You should regard it as 99.9% likely that the electromagnetic thruster that allegedly does not rely on reaction mass, tested by NASA, does not actually work.  The bar of proof here is extremely high.

But it’s worth talking a bit about why it would be so amazing if it were in fact possible to create such a thruster.

There’s a lot of cool stuff out there in space.  A single metal-bearing asteroid might contain tens of billions of dollars worth of metal.  Giant solar power satellites could generate energy with few or no environmental concerns.  Obviously, there are lots of commercial uses for Earth satellites (communication, GPS, monitoring weather, mapping, etc.).  And, of course, there’s just plenty of pure science to be done.

But anything that we do in space is immensely costly.  Why is it immensely costly?  Mainly because it’s really, really expensive to blast stuff up into space, outside of our gravity well.  Secondarily, because once you’re in Earth orbit, it’s also expensive to go anywhere else, if you need to.

One of the reasons that it’s expensive to go places in space is a sort of nasty feedback loop of rockets.  To make a rocket go further, you need to bring more fuel for the rocket (and “fuel” here is mainly actually about reaction mass.  The big issue with rockets is not generating power like electricity, it’s creating high-velocity gas to fire out the back of the rocket).  But fuel is massive — so it weighs down your rockets and makes them less powerful.  The farther you want to go, the more mass you have to bring to start with, and thus you need even more fuel to lift that mass at the start of your trip.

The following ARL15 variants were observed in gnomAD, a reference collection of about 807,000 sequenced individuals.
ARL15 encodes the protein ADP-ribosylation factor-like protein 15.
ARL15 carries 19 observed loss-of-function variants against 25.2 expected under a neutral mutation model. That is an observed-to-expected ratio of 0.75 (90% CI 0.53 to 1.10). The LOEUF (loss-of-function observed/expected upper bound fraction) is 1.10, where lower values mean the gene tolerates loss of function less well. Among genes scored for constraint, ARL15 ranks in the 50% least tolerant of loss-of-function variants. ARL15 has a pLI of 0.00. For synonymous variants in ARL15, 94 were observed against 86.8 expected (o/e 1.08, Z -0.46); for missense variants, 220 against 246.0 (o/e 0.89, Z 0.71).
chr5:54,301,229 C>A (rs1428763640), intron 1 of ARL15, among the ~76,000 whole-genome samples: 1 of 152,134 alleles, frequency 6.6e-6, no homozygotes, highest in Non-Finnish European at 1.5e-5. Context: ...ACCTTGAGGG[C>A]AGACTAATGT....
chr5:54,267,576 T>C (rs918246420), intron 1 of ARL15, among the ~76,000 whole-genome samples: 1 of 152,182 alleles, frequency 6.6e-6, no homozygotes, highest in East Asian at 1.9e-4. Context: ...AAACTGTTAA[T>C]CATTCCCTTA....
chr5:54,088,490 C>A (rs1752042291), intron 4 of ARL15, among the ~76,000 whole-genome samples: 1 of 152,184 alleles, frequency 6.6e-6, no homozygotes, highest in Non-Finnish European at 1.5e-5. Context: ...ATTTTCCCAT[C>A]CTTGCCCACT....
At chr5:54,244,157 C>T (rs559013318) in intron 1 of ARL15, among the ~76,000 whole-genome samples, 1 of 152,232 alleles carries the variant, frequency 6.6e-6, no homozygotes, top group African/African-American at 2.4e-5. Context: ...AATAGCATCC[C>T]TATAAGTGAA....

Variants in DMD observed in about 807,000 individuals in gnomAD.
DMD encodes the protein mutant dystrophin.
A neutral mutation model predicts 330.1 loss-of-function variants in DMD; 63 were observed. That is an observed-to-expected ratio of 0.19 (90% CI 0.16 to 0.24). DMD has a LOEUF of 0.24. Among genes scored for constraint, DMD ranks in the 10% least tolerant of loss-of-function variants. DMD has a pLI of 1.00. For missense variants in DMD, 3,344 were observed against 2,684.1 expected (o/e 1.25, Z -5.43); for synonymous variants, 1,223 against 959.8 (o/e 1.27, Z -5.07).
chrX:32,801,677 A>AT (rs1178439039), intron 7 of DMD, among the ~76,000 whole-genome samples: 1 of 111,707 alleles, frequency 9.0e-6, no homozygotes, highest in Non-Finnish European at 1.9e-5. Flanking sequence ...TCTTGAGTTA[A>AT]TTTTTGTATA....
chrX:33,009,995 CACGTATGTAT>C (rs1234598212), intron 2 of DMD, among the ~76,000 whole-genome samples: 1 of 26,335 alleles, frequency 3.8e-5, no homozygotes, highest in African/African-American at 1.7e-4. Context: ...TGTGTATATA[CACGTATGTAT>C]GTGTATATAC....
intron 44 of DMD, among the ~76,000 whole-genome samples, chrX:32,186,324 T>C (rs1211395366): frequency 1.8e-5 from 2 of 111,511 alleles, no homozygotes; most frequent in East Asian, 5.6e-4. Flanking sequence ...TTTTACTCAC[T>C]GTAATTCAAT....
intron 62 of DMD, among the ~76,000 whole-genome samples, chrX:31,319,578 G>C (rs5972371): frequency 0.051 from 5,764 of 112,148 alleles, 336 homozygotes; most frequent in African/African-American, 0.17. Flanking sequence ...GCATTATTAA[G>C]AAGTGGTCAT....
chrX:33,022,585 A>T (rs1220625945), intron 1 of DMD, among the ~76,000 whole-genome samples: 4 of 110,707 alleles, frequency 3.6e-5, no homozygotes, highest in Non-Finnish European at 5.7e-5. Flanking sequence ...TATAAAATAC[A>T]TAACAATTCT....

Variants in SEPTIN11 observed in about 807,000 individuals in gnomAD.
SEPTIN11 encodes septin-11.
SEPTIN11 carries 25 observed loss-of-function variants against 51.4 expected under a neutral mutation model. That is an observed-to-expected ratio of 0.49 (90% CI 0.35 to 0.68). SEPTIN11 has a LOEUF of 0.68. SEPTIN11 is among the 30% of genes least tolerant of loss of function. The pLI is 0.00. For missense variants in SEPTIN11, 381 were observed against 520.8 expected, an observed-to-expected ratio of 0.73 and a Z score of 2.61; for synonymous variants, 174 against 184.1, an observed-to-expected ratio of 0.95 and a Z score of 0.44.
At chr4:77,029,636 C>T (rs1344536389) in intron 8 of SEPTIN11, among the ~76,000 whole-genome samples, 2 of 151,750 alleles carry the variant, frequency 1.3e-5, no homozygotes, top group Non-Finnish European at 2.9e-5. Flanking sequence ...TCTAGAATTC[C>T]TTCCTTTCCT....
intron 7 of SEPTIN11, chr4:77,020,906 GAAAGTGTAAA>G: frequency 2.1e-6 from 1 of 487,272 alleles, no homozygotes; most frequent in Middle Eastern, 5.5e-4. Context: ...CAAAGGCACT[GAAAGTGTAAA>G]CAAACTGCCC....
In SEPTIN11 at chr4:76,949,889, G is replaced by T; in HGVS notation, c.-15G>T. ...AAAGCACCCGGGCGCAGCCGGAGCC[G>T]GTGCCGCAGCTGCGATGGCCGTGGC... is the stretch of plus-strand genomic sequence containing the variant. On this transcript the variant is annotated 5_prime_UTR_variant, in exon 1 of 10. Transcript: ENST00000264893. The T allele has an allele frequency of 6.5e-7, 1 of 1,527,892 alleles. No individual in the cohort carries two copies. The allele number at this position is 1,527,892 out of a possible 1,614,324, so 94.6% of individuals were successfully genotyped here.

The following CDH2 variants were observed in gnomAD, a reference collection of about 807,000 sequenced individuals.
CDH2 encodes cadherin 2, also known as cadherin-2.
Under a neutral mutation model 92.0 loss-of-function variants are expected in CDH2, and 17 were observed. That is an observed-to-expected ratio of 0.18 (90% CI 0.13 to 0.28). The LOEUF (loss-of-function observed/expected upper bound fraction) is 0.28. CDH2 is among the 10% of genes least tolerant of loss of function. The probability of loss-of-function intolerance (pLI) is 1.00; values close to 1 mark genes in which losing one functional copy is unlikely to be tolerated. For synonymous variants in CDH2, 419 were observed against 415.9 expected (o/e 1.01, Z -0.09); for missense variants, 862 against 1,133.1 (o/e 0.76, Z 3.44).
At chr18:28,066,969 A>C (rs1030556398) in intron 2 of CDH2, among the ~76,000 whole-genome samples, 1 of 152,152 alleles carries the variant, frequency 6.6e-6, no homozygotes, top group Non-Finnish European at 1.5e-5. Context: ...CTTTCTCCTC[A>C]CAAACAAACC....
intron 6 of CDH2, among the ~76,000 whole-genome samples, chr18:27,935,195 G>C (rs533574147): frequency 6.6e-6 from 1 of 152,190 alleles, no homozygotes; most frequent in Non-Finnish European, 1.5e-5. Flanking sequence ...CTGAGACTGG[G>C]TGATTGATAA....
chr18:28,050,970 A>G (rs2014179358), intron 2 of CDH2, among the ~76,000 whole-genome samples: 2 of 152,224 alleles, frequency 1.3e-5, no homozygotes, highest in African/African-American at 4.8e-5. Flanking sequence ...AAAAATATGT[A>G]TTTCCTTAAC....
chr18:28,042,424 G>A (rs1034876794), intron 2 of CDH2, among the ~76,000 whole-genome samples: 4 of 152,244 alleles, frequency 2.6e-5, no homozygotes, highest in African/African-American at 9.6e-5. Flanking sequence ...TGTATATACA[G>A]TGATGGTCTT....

This is the single biggest cost associated with space exploration.  It’s hard to overestimate how much the physics of rocketry holds us back from any space ambitions.

So these thrusters, if they really work, which they almost certainly do not, offer a mode of travel in space that does not require reaction mass.  It still requires electricity, but electricity is easy to get in space — solar panels work very well (at least until you get far enough from the sun.  And even then, nuclear power of various kinds is a possibility).

These thrusters aren’t nearly powerful enough to actually lift off from the surface of the earth — not by a long shot.  We’d still need to use rockets for that.  But instead of our rockets lifting, say, 1,000 kg of satellite plus another 1,000 kg of additional rocket fuel for the satellite to use to maintain its orbit or jump up to a higher orbit, we could just lift 1,000 kg of satellite — and then, once we were in space, use these weak little thrusters to maintain orbit, climb to higher orbits, or even maneuver around in trans-earth-orbit space.

If you could do that, you basically halve the cost of that satellite — because the satellite itself is of very little cost compared to the cost to get 2,000 kg into earth orbit.

The bigger the thing you want to get into orbit, and the farther form Earth you want to go, the more cost savings you would realize from a reaction-mass-less thruster.

Now, don’t get me wrong.  It’s very, very, very unlikely that these thrusters actually work.  But if they did, they’d be a very big deal.


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